Patients Hospitalized for Septicemia in US Double from 2000 to 2009

Septicemia was the most expensive condition hospitalizing patients in the United Stats in 2009, costing hospitals nearly $15.4 billion, and was the sixth most common reason for hospitalization, according to a study released by the Agency for Healthcare Research and Quality.

A diagnosis of septicemia comprised 836,000 of all hospital stays during 2009, more than doubling the number of stays in 2000, which was 337,100. There were an additional 829,500 stays in 2009 associated with a secondary diagnosis of septicemia, the study noted.

“If all hospital patients with any mention of septicemia are included — those with a principal diagnosis and those with a secondary diagnosis of septicemia — nearly one out of every 23 patients in the hospital (4.2%) had septicemia,” the authors wrote, adding that 4,600 new patients per day were treated for septcemia.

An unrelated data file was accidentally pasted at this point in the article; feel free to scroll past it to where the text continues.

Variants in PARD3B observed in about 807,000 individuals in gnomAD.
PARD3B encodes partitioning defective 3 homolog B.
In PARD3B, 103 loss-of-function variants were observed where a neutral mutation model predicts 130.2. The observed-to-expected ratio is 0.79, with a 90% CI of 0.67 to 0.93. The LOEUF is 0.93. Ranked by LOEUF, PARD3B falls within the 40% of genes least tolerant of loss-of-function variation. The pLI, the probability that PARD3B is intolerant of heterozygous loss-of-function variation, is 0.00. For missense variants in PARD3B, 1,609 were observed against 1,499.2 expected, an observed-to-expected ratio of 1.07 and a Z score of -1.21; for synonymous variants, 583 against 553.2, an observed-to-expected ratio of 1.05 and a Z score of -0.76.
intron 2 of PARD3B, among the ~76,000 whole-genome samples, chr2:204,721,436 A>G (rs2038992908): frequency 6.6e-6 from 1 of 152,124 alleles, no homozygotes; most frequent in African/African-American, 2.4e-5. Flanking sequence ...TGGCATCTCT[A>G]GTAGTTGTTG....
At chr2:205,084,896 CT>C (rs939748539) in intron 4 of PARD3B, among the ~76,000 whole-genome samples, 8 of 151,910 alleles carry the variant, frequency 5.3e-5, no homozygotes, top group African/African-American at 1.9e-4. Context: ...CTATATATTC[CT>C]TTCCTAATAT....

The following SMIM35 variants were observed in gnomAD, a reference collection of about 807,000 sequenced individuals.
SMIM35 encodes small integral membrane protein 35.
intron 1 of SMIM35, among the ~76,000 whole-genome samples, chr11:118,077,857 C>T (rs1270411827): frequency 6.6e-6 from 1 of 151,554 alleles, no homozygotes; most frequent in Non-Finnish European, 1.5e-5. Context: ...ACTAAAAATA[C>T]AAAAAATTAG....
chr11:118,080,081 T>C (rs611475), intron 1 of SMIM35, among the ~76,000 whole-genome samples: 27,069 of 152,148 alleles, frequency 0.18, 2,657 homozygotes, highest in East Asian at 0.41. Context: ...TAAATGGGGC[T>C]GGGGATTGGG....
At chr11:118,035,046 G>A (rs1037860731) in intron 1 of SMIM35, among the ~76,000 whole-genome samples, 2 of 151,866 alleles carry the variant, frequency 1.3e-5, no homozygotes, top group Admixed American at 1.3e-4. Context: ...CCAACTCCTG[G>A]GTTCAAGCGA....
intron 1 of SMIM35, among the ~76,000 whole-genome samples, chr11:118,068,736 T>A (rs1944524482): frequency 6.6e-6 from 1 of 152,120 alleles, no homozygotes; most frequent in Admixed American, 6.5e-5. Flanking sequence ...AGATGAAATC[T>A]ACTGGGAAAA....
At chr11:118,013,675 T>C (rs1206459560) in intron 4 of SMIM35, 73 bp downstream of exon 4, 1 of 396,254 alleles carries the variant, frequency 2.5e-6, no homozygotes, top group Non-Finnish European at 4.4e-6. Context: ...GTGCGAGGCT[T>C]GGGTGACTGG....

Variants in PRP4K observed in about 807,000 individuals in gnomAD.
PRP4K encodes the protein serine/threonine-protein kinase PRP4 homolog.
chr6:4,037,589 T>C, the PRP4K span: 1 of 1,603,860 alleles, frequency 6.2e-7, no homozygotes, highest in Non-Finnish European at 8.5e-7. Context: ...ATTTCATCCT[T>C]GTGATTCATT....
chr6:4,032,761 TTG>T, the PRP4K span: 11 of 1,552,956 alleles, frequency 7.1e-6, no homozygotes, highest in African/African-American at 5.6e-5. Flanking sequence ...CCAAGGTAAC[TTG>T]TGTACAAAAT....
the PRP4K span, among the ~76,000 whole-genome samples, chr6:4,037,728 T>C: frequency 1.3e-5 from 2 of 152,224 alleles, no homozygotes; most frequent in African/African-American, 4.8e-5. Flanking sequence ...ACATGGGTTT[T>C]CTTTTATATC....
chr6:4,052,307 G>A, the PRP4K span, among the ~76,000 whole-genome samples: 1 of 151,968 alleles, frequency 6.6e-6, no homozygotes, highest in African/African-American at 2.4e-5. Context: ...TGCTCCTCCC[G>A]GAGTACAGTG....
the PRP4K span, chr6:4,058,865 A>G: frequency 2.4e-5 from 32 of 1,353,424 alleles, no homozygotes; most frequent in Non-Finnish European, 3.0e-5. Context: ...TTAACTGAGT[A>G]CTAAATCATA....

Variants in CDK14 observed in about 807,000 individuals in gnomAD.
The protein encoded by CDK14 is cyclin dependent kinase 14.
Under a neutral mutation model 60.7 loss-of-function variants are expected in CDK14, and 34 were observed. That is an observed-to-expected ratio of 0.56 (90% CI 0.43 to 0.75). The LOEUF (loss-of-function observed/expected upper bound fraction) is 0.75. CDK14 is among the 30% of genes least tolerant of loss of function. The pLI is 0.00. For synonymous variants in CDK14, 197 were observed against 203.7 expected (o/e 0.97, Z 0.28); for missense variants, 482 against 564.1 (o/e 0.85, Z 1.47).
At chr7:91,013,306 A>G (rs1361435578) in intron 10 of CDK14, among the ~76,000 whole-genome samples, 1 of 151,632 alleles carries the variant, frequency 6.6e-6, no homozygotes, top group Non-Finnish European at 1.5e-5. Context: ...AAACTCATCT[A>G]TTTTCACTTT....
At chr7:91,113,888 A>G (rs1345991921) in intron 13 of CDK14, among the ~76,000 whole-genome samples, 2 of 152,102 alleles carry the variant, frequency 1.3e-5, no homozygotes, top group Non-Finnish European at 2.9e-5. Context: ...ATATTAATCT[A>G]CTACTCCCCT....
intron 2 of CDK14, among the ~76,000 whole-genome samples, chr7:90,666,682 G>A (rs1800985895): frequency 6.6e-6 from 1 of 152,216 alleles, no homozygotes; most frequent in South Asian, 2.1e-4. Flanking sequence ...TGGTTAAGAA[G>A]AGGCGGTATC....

Researchers said septicemia has a 16.3% in-hospital mortality rate, more than 8 times higher than other stays. From 1997 to 2008, septicemia hospital costs increased at an annual rate of 11.9%, nearly 3 times the rate for overall hospital stays.

The most common bacterium causing septicemia was E.coli for patients with a primary diagnosis. Methicillin-resistant Staphylococcus aureus was most common for patients with a secondary diagnosis. Complications involving implants, devices, or grafts were the most common reason for hospitalization, representing 20% of all stays. More than half of the cases cited no organism as the cause for the disease, according to the study.

Age was a major factor in contracting the disease: 80.1% of patients were 45 years or older and 52.7% were 65 years or older. Medicare was the primary method of payment for 58.1% of patients. Average per-day hospital stays for septicemia increased from $1,700 to $2,300.

For more information:

  • Elixhauser A, Friedman B, Stranges E. Septicemia in U.S. hospitals, 2009. Agency for healthcare research and quality. Healthcare cost and utilization project: statistical brief #122. October 2011.

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